Schemes and Scenes – Part Five
This is the fifth article in an occasional series on scene development. Self-Editing For Fiction Writers, Chapter Five, focuses on Dialog, with two exercises. Read the fourth article.
Try editing the following exchanges.
“You aren’t seriously thinking about putting that trash in your body, are you?” said a voice from behind me, archly.
I put down the package of Twinkies and turned around. It was Fred McDermot, a passing acquaintance from work. “Pardon me,” I said.
Schemes and Scenes – Part Four
This is the fourth article in an occasional series on scene development. Self-Editing For Fiction Writers, Chapter Four, focuses on Proportion, with two exercises. Read the third article.
Correct the proportion in the following passages.
As he approached the last hill, Carter passed two more runners who had started fast but were now spent and fading. They could not longer keep their arms up; their stride, once crisp high-stepping, was now a tired, struggling, agonized shuffle. They licked their lips; their head and shoulders drooped and swung desperately from side to side as if that extra motion could somehow coax additional reserve and speed from their aching legs.
I can imagine this passage coming at the end of an extended description of the race. While the original passage captures the immediacy of the moment, it does not capture the tension, the action. The reader wants to cross the finish line with Carter. I intend to edit the passage to strike a balance that captures the agony of the finish line. Continue reading
Schemes and Scenes – Part Three
This is the third article in an occasional series on scene development. Self-Editing For Fiction Writers, Chapter Three, focuses on points of view, with three exercises. Read the second article.
Spot the point of view problems
A. Susan and Ed
Susan heard the key in the lock box and then a second key in the front door. She grabbed Ed by the arm.
“My God, I forgot, it’s the realtors.”
He looked around the living room, at the papers strewn on the couch, the mail piled on the coffee table. He remembered the two days’ worth of dishes in the kitchen sink. “What, you mean today? Now? With people?”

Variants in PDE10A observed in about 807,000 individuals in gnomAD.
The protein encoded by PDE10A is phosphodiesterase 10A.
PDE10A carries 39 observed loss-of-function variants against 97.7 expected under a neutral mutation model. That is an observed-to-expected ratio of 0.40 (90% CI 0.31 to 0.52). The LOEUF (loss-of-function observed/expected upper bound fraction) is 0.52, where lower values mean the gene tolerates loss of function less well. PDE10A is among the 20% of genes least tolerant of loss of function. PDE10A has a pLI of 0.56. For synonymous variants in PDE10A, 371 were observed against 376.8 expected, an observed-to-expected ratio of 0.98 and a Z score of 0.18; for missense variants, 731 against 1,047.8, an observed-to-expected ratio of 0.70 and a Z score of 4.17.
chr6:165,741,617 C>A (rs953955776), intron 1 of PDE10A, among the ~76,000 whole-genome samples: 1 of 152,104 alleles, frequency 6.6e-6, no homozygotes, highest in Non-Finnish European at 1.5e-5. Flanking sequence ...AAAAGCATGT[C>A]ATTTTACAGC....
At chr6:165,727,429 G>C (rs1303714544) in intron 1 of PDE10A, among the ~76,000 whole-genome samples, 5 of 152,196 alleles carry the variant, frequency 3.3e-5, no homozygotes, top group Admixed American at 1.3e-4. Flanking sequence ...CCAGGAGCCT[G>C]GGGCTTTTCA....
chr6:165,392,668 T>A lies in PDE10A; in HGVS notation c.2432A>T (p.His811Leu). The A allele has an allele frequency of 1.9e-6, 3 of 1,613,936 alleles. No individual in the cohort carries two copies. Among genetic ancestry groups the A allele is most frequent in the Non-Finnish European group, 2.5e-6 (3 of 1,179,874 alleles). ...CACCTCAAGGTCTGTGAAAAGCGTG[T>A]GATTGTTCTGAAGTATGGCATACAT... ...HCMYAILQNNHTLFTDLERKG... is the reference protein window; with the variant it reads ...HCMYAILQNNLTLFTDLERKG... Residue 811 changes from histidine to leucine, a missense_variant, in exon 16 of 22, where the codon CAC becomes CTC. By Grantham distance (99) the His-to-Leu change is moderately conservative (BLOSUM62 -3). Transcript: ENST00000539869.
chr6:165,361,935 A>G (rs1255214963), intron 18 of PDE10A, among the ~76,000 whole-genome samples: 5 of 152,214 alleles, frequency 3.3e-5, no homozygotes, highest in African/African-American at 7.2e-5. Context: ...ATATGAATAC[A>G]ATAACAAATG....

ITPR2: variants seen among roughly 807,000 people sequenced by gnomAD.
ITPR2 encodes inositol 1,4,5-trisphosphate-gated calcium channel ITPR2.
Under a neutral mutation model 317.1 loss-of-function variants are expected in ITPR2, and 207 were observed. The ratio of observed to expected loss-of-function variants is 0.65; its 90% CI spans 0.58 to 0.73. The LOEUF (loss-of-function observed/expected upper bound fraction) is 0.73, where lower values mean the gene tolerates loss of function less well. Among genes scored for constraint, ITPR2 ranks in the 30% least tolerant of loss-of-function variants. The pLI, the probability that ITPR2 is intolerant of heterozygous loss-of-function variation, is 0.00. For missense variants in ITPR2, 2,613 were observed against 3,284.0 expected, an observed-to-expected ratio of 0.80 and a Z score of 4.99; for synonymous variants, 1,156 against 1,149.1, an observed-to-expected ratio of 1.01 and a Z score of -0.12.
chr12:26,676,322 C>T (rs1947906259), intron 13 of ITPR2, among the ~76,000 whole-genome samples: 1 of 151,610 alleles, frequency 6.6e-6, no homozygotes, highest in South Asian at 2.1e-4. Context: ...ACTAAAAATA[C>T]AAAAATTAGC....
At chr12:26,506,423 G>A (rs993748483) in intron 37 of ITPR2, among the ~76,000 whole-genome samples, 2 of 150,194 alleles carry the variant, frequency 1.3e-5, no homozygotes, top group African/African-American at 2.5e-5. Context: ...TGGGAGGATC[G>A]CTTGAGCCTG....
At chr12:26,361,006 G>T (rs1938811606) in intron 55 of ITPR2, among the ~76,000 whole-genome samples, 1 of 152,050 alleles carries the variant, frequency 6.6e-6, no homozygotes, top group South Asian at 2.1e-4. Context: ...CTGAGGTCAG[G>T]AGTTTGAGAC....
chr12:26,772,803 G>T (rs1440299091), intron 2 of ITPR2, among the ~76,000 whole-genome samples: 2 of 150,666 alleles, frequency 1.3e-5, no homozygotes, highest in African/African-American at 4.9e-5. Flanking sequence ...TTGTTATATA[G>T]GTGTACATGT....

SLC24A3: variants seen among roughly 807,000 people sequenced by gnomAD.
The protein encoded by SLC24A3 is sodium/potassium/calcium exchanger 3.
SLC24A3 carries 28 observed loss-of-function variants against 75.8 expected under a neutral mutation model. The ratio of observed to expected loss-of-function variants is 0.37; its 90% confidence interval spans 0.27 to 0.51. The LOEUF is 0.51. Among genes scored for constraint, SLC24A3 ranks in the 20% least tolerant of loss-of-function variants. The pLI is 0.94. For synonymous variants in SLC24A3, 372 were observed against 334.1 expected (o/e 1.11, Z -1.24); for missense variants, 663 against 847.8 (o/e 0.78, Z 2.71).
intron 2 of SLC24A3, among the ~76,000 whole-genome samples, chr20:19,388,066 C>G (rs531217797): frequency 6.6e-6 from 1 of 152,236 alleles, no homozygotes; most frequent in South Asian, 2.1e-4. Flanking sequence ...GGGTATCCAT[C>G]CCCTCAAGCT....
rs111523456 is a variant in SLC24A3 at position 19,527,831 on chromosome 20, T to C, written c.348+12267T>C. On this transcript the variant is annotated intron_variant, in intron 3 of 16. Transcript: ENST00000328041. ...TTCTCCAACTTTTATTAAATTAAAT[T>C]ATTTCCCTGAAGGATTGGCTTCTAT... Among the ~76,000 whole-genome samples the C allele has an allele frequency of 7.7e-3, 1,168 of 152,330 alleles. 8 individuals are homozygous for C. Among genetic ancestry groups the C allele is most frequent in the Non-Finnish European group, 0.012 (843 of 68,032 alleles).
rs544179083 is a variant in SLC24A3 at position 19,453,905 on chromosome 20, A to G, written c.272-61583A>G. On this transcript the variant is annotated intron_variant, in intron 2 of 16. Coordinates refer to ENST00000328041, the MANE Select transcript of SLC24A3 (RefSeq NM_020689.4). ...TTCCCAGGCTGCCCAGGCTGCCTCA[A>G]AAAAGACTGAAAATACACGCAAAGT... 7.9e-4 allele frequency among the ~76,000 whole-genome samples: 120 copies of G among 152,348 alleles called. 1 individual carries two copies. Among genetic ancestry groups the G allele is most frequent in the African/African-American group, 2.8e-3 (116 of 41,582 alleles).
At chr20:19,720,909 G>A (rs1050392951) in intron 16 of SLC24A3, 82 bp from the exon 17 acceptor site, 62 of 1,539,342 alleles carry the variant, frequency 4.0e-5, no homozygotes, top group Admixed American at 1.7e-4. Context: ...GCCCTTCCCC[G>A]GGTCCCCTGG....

They had no time to lose. “You take the kitchen, I’ll handle here.” Continue reading
Purring fluff. Diagnosis. Hope. Inconsolable grief.
Schemes and Scenes – Part Two
This is the second article in an occasional series on scene development. Self-Editing For Fiction Writers, Chapter Two, focuses on characterization and exposition, with two exercises. Read the first article.
How would you develop the following character through a series of scenes? Keep in mind that the scenes don’t have to be consecutive and that some of the material need not be included at all.
SITUATION: Maggie had reached the cusp of her childhood, that gray area between girl and woman when she could be neither, or both almost at will. There had not been (and probably would not be a lonelier time in her life. She could not longer associate with children, whose interests now bored her But she wasn’t comfortable with adults, for she still carried the energy of a child and couldn’t slow herself down to the adult’s pace. And so she found herself trapped between the banal and the dull, trying to shape her life with only the help of her contemporaries, who were as adrift as she was. Given all this, was it any wonder she sometimes seemed, well, exasperated (and exasperating) to her parents? Continue reading
Schemes and Scenes – Part One
This is the first article in an occasional series on scene development. Self-Editing For Fiction Writers, Chapter One, focuses on converting “tell” into “show”, with three exercises.
“Mortimer? Mortimer? Simon Hedges said.
“Where are you?”
“Look up, you ninny. I’m on the roof.”
“What in blazes are you doing perched up there?”
Dreams of Schemes and Scenes
The protagonist worse off than before.
Driving the story forward.
Page after page.
So, how do I write scenes like that?
How do I turn first draft mush in a publisher’s banquet?
Self-Editing For Fiction Writers comes, highly recommended. The book format is read-a-little, exercise-a-little. And, I’m very good at reading books. Enthused, I start out, determined to improve myself. Then…life happens…my next good idea fires my imagination…and I never finish. So, I will try to hold myself accountable by posting the exercises.
Read the first exercise,